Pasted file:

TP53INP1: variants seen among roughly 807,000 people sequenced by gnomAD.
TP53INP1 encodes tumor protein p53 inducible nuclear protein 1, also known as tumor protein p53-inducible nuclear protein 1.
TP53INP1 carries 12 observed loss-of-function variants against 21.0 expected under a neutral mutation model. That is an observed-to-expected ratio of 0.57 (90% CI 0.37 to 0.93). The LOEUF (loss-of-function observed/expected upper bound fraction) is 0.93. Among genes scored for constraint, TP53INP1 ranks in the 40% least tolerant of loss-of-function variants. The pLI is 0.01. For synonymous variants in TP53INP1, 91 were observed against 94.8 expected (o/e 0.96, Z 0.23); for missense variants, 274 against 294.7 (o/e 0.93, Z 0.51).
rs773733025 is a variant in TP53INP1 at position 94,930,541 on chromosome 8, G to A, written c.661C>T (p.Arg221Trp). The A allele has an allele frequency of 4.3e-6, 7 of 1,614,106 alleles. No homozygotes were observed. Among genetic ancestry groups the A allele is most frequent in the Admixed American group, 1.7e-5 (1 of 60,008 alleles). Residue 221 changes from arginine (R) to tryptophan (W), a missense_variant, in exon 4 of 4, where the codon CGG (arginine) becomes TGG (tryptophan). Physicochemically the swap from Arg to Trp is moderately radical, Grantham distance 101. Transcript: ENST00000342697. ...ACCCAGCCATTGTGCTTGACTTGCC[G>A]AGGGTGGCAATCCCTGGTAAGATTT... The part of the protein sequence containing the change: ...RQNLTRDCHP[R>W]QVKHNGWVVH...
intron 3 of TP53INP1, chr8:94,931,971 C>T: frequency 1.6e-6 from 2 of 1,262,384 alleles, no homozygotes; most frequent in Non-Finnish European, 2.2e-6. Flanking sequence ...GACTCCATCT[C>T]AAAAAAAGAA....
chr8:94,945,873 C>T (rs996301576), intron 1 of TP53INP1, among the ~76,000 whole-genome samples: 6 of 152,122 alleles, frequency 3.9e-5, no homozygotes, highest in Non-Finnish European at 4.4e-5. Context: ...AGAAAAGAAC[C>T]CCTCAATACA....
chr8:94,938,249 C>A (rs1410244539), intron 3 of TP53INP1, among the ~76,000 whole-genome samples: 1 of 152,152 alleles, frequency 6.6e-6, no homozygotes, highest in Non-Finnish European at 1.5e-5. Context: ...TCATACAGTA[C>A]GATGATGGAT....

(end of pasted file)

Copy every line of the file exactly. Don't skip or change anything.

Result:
TP53INP1: variants seen among roughly 807,000 people sequenced by gnomAD.
TP53INP1 encodes tumor protein p53 inducible nuclear protein 1, also known as tumor protein p53-inducible nuclear protein 1.
TP53INP1 carries 12 observed loss-of-function variants against 21.0 expected under a neutral mutation model. That is an observed-to-expected ratio of 0.57 (90% CI 0.37 to 0.93). The LOEUF (loss-of-function observed/expected upper bound fraction) is 0.93. Among genes scored for constraint, TP53INP1 ranks in the 40% least tolerant of loss-of-function variants. The pLI is 0.01. For synonymous variants in TP53INP1, 91 were observed against 94.8 expected (o/e 0.96, Z 0.23); for missense variants, 274 against 294.7 (o/e 0.93, Z 0.51).
rs773733025 is a variant in TP53INP1 at position 94,930,541 on chromosome 8, G to A, written c.661C>T (p.Arg221Trp). The A allele has an allele frequency of 4.3e-6, 7 of 1,614,106 alleles. No homozygotes were observed. Among genetic ancestry groups the A allele is most frequent in the Admixed American group, 1.7e-5 (1 of 60,008 alleles). Residue 221 changes from arginine (R) to tryptophan (W), a missense_variant, in exon 4 of 4, where the codon CGG (arginine) becomes TGG (tryptophan). Physicochemically the swap from Arg to Trp is moderately radical, Grantham distance 101. Transcript: ENST00000342697. ...ACCCAGCCATTGTGCTTGACTTGCC[G>A]AGGGTGGCAATCCCTGGTAAGATTT... The part of the protein sequence containing the change: ...RQNLTRDCHP[R>W]QVKHNGWVVH...
intron 3 of TP53INP1, chr8:94,931,971 C>T: frequency 1.6e-6 from 2 of 1,262,384 alleles, no homozygotes; most frequent in Non-Finnish European, 2.2e-6. Flanking sequence ...GACTCCATCT[C>T]AAAAAAAGAA....
chr8:94,945,873 C>T (rs996301576), intron 1 of TP53INP1, among the ~76,000 whole-genome samples: 6 of 152,122 alleles, frequency 3.9e-5, no homozygotes, highest in Non-Finnish European at 4.4e-5. Context: ...AGAAAAGAAC[C>T]CCTCAATACA....
chr8:94,938,249 C>A (rs1410244539), intron 3 of TP53INP1, among the ~76,000 whole-genome samples: 1 of 152,152 alleles, frequency 6.6e-6, no homozygotes, highest in Non-Finnish European at 1.5e-5. Context: ...TCATACAGTA[C>A]GATGATGGAT....